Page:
Time Flies

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Status: Finished  |  Genre: Science Fiction  |  House: BoMoWriCha Prompts
From a story prompt by T.E. Jackson in BoMoWriCha house.

Submitted: October 22, 2018

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Submitted: October 22, 2018

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Nobody really noticed when the first minute disappeared. It wasn’t like the Earth started spinning faster. Or the clocks all magically changed or something. There was nothing to point to what had happened and where it had gone. One moment it had been there. The next –vanished. If a man-made concept can be said to vanish.

It was someone on Twitch that first noticed the change. Some kid was doing one of those 24 hour marathons playing Fallout or something and the time just didn’t line up. At that point I think we’d lost five minutes.

There was panic of course. Headlines splashed across every paper. It was the topic of every conversation. There were scared prayer vigils. A bit of looting. No one knew what was going on.

Then the panic subsided. It was just five minutes after all. And people still had to go to work. Things had to get made and bought and sold. We still had to eat. And life returned to normal –if just a little quicker paced.

Until we lost an hour.

I remember when it happened. I woke up early because of your snoring. I’d shuffled into my slippers, made myself a cup of coffee, and gone outside to watch the sun rise. One moment I was standing there in my Doctor Who pajamas enjoying the dawn. It is my favourite time of the day. When all is still and the birds seem impossibly loud. Just before the Sun begins to crest on the horizon and everything is muted tones of grey. Like the world is holding its breath. I love that.

And the next moment the Sun was well above the horizon and my coffee was cold.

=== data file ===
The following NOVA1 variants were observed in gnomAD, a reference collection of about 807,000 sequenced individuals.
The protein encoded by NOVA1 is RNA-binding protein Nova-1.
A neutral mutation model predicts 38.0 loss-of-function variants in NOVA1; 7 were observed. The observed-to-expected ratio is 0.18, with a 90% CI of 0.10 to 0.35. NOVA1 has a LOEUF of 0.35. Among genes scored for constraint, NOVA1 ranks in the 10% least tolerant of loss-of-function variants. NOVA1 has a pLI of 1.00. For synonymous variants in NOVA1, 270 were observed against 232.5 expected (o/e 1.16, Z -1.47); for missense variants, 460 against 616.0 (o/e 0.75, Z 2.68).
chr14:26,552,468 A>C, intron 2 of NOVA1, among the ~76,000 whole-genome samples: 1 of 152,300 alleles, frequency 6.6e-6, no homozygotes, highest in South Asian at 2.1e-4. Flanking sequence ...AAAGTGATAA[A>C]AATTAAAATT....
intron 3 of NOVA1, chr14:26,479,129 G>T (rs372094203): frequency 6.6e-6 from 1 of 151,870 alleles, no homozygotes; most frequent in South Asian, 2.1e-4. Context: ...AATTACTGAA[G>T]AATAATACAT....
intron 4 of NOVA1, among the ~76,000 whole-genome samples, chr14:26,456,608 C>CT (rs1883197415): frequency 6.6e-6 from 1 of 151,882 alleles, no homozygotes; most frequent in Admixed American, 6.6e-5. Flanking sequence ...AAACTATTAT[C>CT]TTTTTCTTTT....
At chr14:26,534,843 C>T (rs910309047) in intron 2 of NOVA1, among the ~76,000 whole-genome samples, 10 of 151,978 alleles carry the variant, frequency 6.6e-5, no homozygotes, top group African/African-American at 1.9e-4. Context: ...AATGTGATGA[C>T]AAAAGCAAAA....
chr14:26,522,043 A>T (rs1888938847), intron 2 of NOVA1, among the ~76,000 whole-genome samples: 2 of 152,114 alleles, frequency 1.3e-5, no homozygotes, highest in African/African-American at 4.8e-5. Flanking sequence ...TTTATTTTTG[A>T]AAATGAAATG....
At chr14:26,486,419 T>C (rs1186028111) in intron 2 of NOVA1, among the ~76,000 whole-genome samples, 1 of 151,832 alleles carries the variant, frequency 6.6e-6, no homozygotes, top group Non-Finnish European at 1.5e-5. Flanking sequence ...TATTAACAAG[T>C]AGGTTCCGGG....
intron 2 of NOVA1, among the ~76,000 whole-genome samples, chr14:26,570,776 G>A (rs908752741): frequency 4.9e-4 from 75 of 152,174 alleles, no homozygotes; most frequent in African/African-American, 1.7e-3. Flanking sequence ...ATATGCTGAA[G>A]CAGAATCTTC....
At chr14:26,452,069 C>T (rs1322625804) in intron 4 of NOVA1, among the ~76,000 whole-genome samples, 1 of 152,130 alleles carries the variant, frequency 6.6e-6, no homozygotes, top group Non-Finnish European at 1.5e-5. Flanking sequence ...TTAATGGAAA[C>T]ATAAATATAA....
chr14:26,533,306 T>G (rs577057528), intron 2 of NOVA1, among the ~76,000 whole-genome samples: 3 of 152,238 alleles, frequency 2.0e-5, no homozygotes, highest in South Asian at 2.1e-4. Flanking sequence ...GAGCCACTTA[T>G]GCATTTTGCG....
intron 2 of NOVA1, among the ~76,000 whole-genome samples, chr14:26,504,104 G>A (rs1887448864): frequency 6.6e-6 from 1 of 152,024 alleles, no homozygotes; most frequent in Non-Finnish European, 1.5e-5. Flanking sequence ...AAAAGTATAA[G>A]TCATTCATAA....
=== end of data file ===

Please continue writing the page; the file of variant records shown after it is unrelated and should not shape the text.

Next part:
There was speculation. Everyone had their own theories. You couldn’t turn on the television without some person with a theoretical physics degree offering their opinion on what was going on. Terms like “quantum web” and “temporal displacement” became common place.

We are adaptable. And hope flourishes in the darkest of circumstances. No one knew where the hour had gone. There was no reason to think that it wouldn’t just come back.

“Maybe all the hours will come back at once and we can finally take that vacation we always wanted to take,” you joked. And I smiled. I stared into your hazel eyes and remembered our first awkward kiss. And how truly awful it had been.

For awhile things settled. And people got back to binge watching Netflix. They got back to punching the clock. Never thinking that maybe the clock wasn’t finished punching back. Months went by. This was just the new normal. We printed new calendars. We designed new clocks and wristwatches.

My favourite conspiracy theory said that this was all being done by the Swiss in a bid to corner the watch market. People on the six o’clock news waving signs outside their embassy “Time to go!”

People were just scared. And who could blame them? But it wasn’t till the day shortened to twelve hours that people really began to freak.

“What are we going to do?”

“I don’t know,” I said.

4 hours. 3 hours. Two.

One.

I hold you close and kiss your lips feeling the flap of day/night day/night like a butterfly’s wings against my cheek.

“I love you.” I said.

The kiss seemed to go on forever.

 


© Copyright 2018 Michael Porter. All rights reserved.

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